Dighton to Tribune - The woman who sat on the toilet too long (and other odd American tales) - CycleBlaze

June 12, 2014

Dighton to Tribune

Class, sheer class...
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DO YOU EVER have one of those moments when you think you're considering serious options but someone else obviously thinks you look tired, confused and good to take home and mother?

Well, that happened to us this afternoon. We were weighing mighty matters like whether to buy a postage stamp now or later when a grey-haired woman stopped her pick-up at the crossroads and shouted: "How d'ya fancy staying at a house out in the country? Could take ya there right now."

She pointed at the empty space behind her cab and added: "All you need is to load your bikes and we could be right there."

We felt sorry to turn her down, on the grounds that we hadn't yet made enough progress, and she looked disappointed.

Little house on the prairie
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"Shame," she said. "I usually reckon on picking up someone when I'm down in town. Just like meetin' people and hearing their stories."

It's moments like that that I'm thinking of when I try to explain why I like cycling in America and when I say, yet again, that the people you meet in small-town America are a world away from the Americans on TV, on the news and in politics.

We had a good day today. The wind that had got itself into a bother after the tornado panted along behind our left shoulder and we span through still more of the open spaces and dry fields of Kansas. And today we met our first riders heading the other way, first a laughing Californian called Zane, then a lean and hungry-looking man with his taciturn son, then a bike mechanic escaped from his work bench, and finally a happy young couple, Jess and Nicky.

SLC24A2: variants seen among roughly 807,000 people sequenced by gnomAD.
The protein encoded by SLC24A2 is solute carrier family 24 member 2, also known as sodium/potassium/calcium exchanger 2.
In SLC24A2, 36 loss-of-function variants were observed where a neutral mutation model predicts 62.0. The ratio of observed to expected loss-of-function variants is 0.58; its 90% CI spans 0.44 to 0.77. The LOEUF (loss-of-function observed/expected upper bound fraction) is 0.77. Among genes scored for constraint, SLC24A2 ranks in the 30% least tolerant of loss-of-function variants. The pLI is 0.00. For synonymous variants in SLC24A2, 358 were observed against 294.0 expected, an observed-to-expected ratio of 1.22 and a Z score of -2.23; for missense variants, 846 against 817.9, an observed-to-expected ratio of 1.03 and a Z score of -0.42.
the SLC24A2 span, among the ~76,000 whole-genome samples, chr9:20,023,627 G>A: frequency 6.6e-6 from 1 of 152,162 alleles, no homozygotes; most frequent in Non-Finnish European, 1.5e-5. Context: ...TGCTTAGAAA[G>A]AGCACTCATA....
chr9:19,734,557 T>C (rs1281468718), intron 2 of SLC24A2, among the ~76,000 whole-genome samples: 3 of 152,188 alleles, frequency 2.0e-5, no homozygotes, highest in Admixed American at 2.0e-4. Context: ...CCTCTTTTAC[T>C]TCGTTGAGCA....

We're camping in the park tonight, between a row of houses and a long abandoned railway line. We checked first, as protocol demands, at the local police station. It offers, with its many other services, free gospel tracts. Nobody is taking any notice of us, other than a man who pulled up and shouted: "Your tents get hot in summer?"


"Cos I wanna buy a tent that don't get hot in summer," this in a tone that suggested I was stupid for missing the obvious.

They've seen too many cyclists for us to be a novelty, although for the last few days people have been telling us the number of riders has been declining. Tomorrow, we will be gone before anyone is up. The man inside Karen's computer says the wind is going to swing into our faces and we plan to rise with the dawn.

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Trestle bridges beneath the railway, but the trains no longer run
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What tales abandoned homes could tell. Karen's guess is that this one dates from when land was given free or at minimal cost to populate the prairies
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America almost welcomes me
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Time zones: a novelty for Europeans, whose countries don't have them
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Today's ride: 118 km (73 miles)
Total: 3,287 km (2,041 miles)

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